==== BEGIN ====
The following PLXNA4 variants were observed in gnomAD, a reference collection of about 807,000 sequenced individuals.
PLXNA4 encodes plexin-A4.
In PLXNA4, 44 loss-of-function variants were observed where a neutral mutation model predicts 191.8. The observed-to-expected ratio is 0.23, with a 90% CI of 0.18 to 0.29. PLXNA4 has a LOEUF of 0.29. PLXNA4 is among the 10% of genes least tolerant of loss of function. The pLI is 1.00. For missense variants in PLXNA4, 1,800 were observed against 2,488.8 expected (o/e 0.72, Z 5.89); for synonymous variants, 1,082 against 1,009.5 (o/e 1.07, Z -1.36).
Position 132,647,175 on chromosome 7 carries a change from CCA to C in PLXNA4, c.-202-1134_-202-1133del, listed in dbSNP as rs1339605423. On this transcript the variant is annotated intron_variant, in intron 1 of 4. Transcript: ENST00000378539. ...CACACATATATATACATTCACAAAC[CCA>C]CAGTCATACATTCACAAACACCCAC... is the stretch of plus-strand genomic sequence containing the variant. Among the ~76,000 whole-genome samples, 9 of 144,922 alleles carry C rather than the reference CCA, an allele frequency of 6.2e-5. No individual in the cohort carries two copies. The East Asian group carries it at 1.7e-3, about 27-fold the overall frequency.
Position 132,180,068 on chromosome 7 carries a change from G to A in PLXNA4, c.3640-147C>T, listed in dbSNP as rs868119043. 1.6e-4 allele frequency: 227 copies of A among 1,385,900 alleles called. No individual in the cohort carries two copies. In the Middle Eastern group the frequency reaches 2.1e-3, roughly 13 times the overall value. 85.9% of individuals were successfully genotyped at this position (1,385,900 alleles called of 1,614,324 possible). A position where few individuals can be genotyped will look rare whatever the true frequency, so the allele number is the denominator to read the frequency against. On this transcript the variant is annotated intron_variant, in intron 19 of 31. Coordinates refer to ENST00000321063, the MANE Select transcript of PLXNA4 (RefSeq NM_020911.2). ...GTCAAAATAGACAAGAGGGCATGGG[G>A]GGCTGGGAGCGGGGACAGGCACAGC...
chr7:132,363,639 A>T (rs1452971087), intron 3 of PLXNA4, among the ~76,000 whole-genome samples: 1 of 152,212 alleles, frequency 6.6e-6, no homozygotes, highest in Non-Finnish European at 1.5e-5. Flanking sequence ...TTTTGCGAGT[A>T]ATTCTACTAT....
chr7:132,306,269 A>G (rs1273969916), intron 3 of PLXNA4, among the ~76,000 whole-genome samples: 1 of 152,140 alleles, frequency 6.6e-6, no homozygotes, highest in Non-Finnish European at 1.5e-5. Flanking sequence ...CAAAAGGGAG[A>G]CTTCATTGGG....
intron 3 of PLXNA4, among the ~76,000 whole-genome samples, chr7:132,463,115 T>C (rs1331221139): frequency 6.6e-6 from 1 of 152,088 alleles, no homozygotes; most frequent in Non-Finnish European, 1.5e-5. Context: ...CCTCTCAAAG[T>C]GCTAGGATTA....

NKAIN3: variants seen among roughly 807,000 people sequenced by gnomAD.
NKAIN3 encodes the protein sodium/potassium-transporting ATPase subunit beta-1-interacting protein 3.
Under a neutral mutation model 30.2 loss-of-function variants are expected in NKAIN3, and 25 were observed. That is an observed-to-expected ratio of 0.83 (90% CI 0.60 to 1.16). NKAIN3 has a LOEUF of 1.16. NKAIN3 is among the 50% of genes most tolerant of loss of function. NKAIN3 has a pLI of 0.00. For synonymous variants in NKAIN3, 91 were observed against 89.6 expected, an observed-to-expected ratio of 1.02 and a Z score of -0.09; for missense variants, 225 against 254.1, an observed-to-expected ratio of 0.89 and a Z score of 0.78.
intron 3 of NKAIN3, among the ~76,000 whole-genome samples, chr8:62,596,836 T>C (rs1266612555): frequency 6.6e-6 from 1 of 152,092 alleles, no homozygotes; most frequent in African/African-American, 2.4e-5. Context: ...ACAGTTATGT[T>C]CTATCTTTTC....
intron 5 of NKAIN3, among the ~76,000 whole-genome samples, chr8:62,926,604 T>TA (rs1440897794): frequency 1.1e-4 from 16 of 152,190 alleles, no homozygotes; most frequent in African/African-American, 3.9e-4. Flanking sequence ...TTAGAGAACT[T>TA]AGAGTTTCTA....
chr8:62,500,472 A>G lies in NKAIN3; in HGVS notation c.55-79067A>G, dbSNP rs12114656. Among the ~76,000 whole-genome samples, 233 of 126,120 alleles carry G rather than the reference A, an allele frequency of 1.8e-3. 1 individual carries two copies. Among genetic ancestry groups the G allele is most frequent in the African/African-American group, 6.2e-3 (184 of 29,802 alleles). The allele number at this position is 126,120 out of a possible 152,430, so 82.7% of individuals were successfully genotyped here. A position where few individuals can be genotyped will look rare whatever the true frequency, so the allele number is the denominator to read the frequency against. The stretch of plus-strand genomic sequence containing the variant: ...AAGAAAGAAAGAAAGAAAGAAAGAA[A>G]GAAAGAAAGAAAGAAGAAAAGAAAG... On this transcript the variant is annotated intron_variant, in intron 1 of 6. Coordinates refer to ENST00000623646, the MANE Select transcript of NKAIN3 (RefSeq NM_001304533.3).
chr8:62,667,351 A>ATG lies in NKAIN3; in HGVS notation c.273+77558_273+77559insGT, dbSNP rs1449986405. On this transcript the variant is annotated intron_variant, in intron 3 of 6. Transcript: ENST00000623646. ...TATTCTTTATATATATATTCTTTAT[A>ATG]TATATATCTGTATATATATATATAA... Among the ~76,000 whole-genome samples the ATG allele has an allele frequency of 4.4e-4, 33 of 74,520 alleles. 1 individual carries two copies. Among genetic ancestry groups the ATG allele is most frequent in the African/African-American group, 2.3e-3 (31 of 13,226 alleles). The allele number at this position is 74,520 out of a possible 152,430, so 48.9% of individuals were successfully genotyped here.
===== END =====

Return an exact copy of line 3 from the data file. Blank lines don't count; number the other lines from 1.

In PLXNA4, 44 loss-of-function variants were observed where a neutral mutation model predicts 191.8. The observed-to-expected ratio is 0.23, with a 90% CI of 0.18 to 0.29. PLXNA4 has a LOEUF of 0.29. PLXNA4 is among the 10% of genes least tolerant of loss of function. The pLI is 1.00. For missense variants in PLXNA4, 1,800 were observed against 2,488.8 expected (o/e 0.72, Z 5.89); for synonymous variants, 1,082 against 1,009.5 (o/e 1.07, Z -1.36).